Comfort Food Cravings: Nonni’s Quick Chicken Parm

Chicken Parm

Yeah, Chicken Parm!

Cooking withnonni

Nonni Laura in the Kitchen

In my last blog post, I introduced you to the one and only Nonni Laura who showed you (via this video) how to make a humongous pot of minestrone, Italian grandma-style. Yum yum!

I wanted to share another of our very favorite Nonni recipes: this time ooey, gooey chicken parmesan, a true Italian-American classic…. and a meal near the top of my kids’ all time “most requested” list. It’s pretty hard not to love that magical combination of rich tomato sauce, melty cheese, herbed breadcrumbs and juicy chicken.

This particular version of chicken parmesan is mostly Nonni’s recipe, but with a few added tweaks and shortcuts by me to make it a bit more doable for busy weeknights.   [The recipe recently appeared in the “Fast and Furious Weeknight Cooking” column for the San Jose Mercury News.]

Hope you’ll give it a try…BTW the leftovers make killer sandwiches!

Get the recipe for Nonni’s Quick Chicken Parm.

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Nonni hugs are the best!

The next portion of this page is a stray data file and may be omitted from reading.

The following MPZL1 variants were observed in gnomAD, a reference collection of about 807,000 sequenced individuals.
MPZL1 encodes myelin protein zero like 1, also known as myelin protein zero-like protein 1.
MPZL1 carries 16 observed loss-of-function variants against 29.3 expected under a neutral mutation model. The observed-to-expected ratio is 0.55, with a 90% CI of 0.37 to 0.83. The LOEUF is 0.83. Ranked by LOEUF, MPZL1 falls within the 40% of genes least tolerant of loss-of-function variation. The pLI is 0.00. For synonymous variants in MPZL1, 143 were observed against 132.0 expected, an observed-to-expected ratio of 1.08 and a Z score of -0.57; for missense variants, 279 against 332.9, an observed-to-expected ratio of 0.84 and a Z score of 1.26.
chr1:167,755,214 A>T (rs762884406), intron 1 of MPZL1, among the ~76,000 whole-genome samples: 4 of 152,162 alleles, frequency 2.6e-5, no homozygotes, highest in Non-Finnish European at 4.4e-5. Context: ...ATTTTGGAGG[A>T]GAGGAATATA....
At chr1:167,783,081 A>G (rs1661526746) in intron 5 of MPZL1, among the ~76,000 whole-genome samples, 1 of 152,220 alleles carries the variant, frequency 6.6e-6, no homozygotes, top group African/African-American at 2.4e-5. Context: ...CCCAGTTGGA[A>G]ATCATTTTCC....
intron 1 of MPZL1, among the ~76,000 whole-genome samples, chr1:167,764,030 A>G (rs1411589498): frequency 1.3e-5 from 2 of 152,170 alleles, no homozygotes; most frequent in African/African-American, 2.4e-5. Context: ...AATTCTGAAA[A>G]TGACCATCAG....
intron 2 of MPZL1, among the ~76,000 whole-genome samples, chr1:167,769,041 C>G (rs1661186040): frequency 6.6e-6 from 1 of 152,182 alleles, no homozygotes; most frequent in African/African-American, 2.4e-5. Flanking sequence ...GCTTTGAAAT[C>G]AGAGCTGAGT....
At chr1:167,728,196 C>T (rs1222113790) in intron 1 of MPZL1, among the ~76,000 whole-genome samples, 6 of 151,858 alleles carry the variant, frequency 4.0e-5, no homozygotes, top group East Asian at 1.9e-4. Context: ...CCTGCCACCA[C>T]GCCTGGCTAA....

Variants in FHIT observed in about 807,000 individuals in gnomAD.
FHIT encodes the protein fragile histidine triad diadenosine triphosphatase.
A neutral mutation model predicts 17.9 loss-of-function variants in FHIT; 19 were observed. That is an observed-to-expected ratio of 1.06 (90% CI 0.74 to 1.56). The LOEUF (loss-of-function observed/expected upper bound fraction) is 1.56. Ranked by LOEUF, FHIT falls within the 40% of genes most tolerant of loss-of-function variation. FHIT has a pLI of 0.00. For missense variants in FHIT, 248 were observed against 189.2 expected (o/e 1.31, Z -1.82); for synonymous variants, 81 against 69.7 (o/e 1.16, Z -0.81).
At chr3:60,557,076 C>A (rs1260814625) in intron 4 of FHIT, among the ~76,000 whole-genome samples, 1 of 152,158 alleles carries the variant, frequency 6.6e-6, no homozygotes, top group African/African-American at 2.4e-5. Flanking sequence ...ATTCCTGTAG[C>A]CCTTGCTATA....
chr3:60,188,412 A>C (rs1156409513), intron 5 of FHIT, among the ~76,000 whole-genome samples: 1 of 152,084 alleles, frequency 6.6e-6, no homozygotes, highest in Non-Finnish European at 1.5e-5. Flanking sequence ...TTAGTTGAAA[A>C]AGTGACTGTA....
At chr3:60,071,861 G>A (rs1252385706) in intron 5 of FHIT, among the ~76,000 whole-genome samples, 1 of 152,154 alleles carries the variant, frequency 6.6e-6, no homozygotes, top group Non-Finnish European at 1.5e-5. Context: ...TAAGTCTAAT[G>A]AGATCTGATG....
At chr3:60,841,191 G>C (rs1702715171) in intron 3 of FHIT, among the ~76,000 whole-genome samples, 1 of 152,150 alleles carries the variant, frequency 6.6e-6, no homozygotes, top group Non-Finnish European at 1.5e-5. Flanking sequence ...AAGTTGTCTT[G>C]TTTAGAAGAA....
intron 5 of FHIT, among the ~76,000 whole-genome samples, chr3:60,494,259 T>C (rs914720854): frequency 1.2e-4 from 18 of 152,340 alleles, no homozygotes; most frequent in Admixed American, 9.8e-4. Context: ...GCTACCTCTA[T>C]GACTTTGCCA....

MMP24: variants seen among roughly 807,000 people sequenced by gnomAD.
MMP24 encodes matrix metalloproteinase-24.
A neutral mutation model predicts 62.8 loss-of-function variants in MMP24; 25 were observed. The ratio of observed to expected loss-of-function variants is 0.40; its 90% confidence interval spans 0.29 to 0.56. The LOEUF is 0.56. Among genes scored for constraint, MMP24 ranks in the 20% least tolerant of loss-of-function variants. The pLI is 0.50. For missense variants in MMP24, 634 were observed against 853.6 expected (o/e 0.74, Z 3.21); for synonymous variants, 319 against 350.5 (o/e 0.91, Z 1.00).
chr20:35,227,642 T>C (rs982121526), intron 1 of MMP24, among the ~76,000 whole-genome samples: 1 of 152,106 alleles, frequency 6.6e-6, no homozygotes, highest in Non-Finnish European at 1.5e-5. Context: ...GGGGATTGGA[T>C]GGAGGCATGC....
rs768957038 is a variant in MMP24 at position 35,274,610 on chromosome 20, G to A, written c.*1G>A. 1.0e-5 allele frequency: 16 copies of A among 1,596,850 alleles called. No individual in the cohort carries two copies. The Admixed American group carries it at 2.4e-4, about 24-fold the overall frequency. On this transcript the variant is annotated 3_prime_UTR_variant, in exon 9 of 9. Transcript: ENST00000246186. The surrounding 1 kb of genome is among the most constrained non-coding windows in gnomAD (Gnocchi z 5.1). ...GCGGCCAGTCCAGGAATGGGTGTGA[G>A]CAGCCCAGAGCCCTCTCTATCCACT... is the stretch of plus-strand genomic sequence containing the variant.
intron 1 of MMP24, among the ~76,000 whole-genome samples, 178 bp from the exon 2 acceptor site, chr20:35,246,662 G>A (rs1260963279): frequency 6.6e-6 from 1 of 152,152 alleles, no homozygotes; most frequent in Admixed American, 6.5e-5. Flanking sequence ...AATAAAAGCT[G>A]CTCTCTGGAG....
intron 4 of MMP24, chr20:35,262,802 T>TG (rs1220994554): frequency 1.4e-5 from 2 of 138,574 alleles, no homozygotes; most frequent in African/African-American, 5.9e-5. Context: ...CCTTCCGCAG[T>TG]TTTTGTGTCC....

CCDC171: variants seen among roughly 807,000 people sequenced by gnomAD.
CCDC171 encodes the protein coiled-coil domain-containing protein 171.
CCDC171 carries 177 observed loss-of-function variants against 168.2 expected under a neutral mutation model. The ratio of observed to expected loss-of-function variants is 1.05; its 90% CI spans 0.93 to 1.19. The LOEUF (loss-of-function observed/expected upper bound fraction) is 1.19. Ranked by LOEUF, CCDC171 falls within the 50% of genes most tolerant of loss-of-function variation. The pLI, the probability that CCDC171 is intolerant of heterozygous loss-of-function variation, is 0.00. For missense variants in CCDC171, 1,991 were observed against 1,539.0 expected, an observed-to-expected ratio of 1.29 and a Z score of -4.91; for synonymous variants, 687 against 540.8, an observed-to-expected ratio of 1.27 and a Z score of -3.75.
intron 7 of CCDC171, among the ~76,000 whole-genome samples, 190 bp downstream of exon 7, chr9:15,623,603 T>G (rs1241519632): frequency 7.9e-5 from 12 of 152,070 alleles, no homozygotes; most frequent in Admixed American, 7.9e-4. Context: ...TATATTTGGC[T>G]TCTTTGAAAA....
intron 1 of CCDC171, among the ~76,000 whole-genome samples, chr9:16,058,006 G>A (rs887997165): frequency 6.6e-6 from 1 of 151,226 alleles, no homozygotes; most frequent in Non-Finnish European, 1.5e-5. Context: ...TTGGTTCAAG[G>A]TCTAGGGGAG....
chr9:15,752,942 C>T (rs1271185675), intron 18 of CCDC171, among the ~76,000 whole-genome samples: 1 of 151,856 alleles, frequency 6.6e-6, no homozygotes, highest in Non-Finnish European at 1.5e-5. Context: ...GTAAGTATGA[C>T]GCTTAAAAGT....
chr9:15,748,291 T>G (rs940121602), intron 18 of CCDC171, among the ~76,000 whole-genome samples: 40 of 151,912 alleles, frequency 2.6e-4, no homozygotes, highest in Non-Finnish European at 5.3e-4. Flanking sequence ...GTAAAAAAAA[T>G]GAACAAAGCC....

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Having Fun with Charles Phan’s Banh Xeo (Vietnamese-style crepes)

Banh Xeo_by A Little Yumminess.jpgBanh Xeo_A Little YumminessEveryone in my family loves, loves loves Vietnamese food (it’s our standard “go-to” Friday night dinner out). The layered flavors and textures, the freshness and brightness make it totally irresistible. High up on my to do list to the beg some of my friends with cuisine knowledge to give me some tutoring in the kitchen, but in the meantime I keep doing my best to chase the flavors that we love by absorbing all I can from every cookbook, article and video I can find. (If you know of good resources, let me know!)

This recipe for banh xeo (Vietnamese-style crepes) from Charles Phan of SF’s always great Slanted Door restaurant, was a fun one that I wanted to share since it’s a new technique and canvas to play with. The batter is simple to put together, and cooking the crepes isn’t too hard, especially if you have some experience with French crepes or other thin pancakes, but in any case prepare to practice a bit before you get “in the zone”. I will probably never get to the level of delicate laciness of Charles Phan’s banh xeo but making them is still pretty fun and my family will happily eat the rejects.

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